Nadis Cattle Veterinary Report and Forecast – April 2007

UK - This is a monthly report from the National Animal Disease Information Service (NADIS), looking at the data collected from their UK farm inspections.
calendar icon 25 April 2007
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Metabolic disease

The number of reports of displaced abomasums (DAs) in March increased by almost 100% following the same pattern as seen last year. It will be interesting to see whether the number of cases will peak in March as they did last year in contrast to previous years when April and May were the peak months. Is there an association with the weather or with turnout? We would be very interested to hear any ideas. High DA levels seem here to stay. Is the industry just accepting this as there appears to be little active effort to investigate and reduce the problem?

Figure 1: Number of monthly reports of DA in 2007 and 2006 compared to mean of 1997-2005.

After a fall to very low levels in February, reports of acetonaemia increased by over 200% in March. Levels were not unusually high (being very close to the long term average) but the large change suggests that there were major changes in cow metabolism during this month. Hypomagnesaemia and milk fever both remained low in March, particularly the latter. The low figures suggest that like last year it will be a good spring for staggers with around 50% of the long term average number of cases. So far this year the number of milk fever reports has been lower than any previous year except for 2001. It might be thought that milk fever treatment would be of gradually reducing importance, at least from a veterinary perspective, as more farmers treat their own cases. However the picture painted by the NADIS data is more complex. Although the general trend is downwards, the slope is slow (at just over 2% per year) and the individual variation between years is very large. This is particularly the case for the first three months of the year where the evidence for any reduction is poor. We would like to hear your thoughts on what’s driving the slow decline in total numbers and whether you’ve seen a change in seasonality of the disease. The data so far this year suggest that milk fever levels will remain low until at least July so farms with higher than average cases or with outbreaks should be closely investigated.

Figure 2: Changes since 1997 in the number of reports of milk fever over the whole year and in the first three months


Although both increased the number of reports of both non-detected oestrus and anoestrus remained low in March; another record low (excluding 2001) for anoestrus and an almost record for non-detected oestrus (beaten only by March 2003). These low March figures following low January and February figures suggest that fertility has been good since the turn of the year. Is this another indication of cows having good quality feed in front of them? The only major fertility problem to be significantly above average in March was ovarian cysts. However in comparison to last month the number missed heats per ovarian cysts increased from around 6 to just below the long term average of around 8.5. There doesn’t appear to be any long term consistent trend (see Figure 2) but the data clearly show that there are different risk factors for ovarian cysts and missed heats. We would be interested to hear what factors you think are keeping ovarian cysts rates relatively high.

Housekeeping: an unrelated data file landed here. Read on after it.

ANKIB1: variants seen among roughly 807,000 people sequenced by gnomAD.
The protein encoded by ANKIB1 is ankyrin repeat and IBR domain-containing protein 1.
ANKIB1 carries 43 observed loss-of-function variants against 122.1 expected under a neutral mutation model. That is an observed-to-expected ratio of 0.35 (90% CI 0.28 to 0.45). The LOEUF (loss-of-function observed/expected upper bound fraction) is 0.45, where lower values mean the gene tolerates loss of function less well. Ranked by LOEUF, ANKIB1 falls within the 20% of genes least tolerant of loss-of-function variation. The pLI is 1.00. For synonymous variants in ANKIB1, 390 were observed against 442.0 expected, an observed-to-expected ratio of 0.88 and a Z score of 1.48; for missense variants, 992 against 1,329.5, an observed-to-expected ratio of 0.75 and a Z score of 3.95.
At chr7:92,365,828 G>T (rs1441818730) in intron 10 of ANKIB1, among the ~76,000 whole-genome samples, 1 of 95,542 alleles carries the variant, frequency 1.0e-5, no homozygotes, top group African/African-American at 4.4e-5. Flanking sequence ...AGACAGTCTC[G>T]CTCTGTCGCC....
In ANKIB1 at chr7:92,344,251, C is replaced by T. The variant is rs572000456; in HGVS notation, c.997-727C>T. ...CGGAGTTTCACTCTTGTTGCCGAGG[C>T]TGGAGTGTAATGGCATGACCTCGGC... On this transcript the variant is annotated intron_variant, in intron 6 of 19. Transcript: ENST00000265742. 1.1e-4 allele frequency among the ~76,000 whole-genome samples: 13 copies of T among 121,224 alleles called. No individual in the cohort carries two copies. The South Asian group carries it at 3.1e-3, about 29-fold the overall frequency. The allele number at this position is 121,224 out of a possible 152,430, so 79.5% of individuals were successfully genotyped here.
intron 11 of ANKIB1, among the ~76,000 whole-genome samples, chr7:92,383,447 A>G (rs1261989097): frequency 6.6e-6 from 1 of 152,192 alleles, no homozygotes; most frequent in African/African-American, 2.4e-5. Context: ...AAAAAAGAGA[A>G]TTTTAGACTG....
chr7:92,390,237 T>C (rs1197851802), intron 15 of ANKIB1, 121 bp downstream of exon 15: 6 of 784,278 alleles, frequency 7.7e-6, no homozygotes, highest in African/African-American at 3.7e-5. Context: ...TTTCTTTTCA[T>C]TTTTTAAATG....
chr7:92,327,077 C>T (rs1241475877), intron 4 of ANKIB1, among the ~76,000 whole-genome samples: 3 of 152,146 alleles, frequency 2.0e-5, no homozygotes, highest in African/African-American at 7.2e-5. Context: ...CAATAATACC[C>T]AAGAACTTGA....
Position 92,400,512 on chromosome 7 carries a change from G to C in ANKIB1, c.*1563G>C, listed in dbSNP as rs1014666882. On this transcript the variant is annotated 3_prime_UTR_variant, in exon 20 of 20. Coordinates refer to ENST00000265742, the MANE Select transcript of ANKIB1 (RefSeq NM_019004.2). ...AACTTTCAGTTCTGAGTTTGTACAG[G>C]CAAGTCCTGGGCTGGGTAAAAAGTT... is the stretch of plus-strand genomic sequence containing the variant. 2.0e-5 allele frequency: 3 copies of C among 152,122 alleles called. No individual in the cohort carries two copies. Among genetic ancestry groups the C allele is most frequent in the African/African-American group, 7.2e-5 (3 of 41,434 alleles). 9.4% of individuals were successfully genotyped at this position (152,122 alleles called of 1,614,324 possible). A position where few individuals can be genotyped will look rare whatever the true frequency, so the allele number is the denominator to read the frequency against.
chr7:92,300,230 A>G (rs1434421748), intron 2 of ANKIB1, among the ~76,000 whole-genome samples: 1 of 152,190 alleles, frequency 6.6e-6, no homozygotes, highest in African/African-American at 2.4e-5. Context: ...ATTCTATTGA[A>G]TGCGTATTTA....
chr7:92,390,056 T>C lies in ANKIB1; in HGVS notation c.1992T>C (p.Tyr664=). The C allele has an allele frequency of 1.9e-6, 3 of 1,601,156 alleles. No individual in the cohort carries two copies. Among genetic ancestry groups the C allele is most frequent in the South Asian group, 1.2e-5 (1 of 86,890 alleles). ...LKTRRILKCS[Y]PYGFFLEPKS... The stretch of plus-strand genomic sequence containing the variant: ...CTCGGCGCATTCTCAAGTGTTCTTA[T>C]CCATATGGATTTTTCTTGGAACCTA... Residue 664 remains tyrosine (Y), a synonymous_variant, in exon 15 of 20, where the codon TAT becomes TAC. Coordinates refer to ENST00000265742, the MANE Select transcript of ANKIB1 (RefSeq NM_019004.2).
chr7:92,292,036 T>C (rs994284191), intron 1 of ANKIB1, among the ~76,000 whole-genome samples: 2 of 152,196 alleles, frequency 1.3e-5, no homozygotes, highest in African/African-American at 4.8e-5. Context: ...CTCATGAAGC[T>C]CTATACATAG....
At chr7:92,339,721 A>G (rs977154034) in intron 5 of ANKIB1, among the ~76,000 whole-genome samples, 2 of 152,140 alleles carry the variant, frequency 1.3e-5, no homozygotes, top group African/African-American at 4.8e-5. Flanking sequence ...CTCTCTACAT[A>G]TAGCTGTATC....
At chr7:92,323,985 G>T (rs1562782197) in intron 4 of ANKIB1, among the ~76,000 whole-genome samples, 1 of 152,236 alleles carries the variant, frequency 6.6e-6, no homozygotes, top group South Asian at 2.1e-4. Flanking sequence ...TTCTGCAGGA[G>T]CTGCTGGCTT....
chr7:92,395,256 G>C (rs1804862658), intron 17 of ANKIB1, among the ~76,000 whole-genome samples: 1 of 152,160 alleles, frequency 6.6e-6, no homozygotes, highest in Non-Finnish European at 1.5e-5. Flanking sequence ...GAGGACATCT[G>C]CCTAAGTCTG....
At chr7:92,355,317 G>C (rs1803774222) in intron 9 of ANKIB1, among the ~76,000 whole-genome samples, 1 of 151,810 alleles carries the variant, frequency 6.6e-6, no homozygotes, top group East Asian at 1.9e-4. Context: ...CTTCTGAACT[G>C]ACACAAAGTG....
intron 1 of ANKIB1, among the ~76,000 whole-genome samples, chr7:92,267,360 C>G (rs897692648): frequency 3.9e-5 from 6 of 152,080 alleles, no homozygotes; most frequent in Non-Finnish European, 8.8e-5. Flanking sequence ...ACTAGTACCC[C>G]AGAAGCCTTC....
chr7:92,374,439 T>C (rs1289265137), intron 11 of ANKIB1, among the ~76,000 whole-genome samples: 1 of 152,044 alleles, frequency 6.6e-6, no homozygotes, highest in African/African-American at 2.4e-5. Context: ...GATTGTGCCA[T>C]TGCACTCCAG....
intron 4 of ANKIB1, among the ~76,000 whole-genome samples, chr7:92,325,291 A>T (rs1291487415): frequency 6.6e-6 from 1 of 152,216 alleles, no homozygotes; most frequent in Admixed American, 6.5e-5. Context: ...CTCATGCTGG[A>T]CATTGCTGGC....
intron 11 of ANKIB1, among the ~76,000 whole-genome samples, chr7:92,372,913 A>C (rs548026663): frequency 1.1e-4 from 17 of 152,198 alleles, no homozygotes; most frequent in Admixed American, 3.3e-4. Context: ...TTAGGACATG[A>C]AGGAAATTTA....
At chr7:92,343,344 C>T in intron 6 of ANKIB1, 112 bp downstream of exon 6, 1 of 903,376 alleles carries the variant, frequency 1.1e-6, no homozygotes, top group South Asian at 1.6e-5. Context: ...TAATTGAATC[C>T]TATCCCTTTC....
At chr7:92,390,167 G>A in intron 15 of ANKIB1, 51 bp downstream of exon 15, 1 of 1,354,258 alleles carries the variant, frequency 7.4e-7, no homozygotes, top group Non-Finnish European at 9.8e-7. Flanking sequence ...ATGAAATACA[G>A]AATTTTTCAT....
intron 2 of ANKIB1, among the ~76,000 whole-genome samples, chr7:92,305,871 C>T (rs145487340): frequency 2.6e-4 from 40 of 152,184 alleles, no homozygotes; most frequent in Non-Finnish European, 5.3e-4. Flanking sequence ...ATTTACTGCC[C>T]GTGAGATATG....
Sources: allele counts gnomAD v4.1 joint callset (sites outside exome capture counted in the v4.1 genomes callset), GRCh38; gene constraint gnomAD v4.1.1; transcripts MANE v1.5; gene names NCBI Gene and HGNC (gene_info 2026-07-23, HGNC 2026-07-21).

Figure 2: Effect of year on the number of non-detected oestrus cases per report of ovarian cysts (Winter figures based on data from November to March)

An interesting endometritis problem was reported by aGloucestershire vet. He reported that a 150-animal dairy farm with an ongoing endometritis problem had Mycoplasma bovis and Histophilus somni identified from swabs. Neither of these bacteria are the typical bacteria associated with endometritis. Investigation is ongoing.

Cattle lameness

The OTMS scheme has been effectively dismantled for over one year. Lame cattle that are not fit for transport are thus worthless unless they fit the criteria for the OCDS. It might have been thought that this would mean that there would be more veterinary treatment of lame cows however this has clearly not been the case with the overall number of lameness cases continuing to decline. Overall lameness reports in 2006 were lower than in any previous year and 2007 has continued this trend with overall figures so far this year being less than 80% of the already low 2006 figures to the same date. We need to know whether this reduction reflects the situation on the ground or whether it reflects reduced veterinary involvement. The first is good news, the second is not! Lameness is the most important welfare problem in dairy cattle and the NADIS data are the most current and widest ranging data we have on its prevalence. With a bit more support from government the data could identify clearly whether the reduction in lameness is real.